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Other Blame

You blame others and overlook ways you contributed to the problem.


The Other Blame cognitive distortion, also known as externalizing blame or externalizing responsibility, is a thinking error that involves attributing the cause of a problem or negative outcome to external factors or other people, rather than taking responsibility for one's own actions or acknowledging the role that one may have played in the situation. This type of thinking can lead to negative emotions, strained relationships, and a lack of personal growth and development.

Examples of Other Blame thinking include:

  • "It's not my fault that I failed the test. The teacher didn't explain the material well enough."
  • "I didn't get the promotion because my boss doesn't like me, not because I didn't prepare for the interview or put in enough effort."
  • "My partner is always making me angry. It's their fault I get so upset all the time."

Other Blame thinking can be harmful because it prevents individuals from taking responsibility for their actions and recognizing the role that they may have played in a situation. It can also lead to resentment and strained relationships with others, as individuals may feel like they are being unfairly blamed for problems or negative outcomes.

The Other Blame cognitive distortion can also be seen on a global scale, when nations blame each other for conflicts or problems, rather than trying to find a solution through diplomacy or negotiation. This can lead to endless wars and conflicts, with each side feeling completely justified in their actions.

In order to address Other Blame thinking, it can be helpful to practice self-reflection and consider the role that one's own actions may have played in a situation. It can also be helpful to engage in problem-solving with others, rather than simply blaming them for problems or negative outcomes. Seeking support from a therapist or counselor can also be beneficial in addressing and changing negative thought patterns.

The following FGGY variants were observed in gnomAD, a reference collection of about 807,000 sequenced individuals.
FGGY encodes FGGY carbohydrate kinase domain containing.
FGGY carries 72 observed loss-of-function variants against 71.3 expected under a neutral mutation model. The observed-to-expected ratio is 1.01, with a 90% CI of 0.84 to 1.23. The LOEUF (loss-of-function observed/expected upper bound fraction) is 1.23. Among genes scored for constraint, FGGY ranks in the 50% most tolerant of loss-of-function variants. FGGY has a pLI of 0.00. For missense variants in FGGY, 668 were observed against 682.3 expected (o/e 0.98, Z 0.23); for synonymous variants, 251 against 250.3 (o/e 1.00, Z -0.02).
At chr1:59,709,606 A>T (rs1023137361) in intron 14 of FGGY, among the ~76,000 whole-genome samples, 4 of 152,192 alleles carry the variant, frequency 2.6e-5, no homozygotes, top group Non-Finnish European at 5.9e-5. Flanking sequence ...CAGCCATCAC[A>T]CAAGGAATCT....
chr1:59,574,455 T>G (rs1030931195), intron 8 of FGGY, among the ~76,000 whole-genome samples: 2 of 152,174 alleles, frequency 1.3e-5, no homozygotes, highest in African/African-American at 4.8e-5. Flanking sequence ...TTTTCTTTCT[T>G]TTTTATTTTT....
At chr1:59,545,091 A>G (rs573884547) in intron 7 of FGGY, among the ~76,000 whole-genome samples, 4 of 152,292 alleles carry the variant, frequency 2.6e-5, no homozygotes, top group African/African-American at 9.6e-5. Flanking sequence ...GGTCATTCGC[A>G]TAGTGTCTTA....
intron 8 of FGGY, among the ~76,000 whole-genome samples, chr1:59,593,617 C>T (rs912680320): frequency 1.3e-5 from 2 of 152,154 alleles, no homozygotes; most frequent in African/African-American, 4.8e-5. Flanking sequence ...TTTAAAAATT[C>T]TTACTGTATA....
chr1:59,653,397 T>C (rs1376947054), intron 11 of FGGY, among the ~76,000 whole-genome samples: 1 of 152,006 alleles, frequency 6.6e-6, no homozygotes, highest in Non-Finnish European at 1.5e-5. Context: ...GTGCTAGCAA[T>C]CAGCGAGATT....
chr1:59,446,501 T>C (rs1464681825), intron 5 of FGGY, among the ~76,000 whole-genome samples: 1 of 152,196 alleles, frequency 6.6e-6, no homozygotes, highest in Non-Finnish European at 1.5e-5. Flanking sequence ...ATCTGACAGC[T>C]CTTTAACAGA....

Ultimately, taking responsibility for one's own actions and recognizing the role that one plays in a situation can lead to personal growth and development, and can improve relationships with others. By addressing and changing Other Blame thinking, individuals can learn to take a more proactive approach to problem-solving and move forward in a positive direction.


Example of a thought with the Other Blame error: "I'm late because the bus was late, not because I didn't give myself enough time to get to the bus stop."

Reframed thought: "I'm late, and while it's true that the bus was late, it's also possible that I didn't give myself enough time to get to the bus stop. It's important for me to reflect on my own actions and consider what I could have done differently, such as leaving earlier or allowing for extra time for unexpected delays. This will help me to learn and grow from the experience, rather than simply blaming external factors."


To address the Other Blame cognitive distortion, consider using the CBT app. This privacy-focused digital tool allows you to record and analyze your thoughts, identifying the Other Blame thinking error and reframing it with more rational thinking.

By actively challenging and rewriting these distorted thoughts, you can address and correct this type of thinking pattern. The CBT app offers a convenient and private way to practice Cognitive Behavioral Therapy techniques, helping you improve your overall thought processes and lead a happier, healthier life.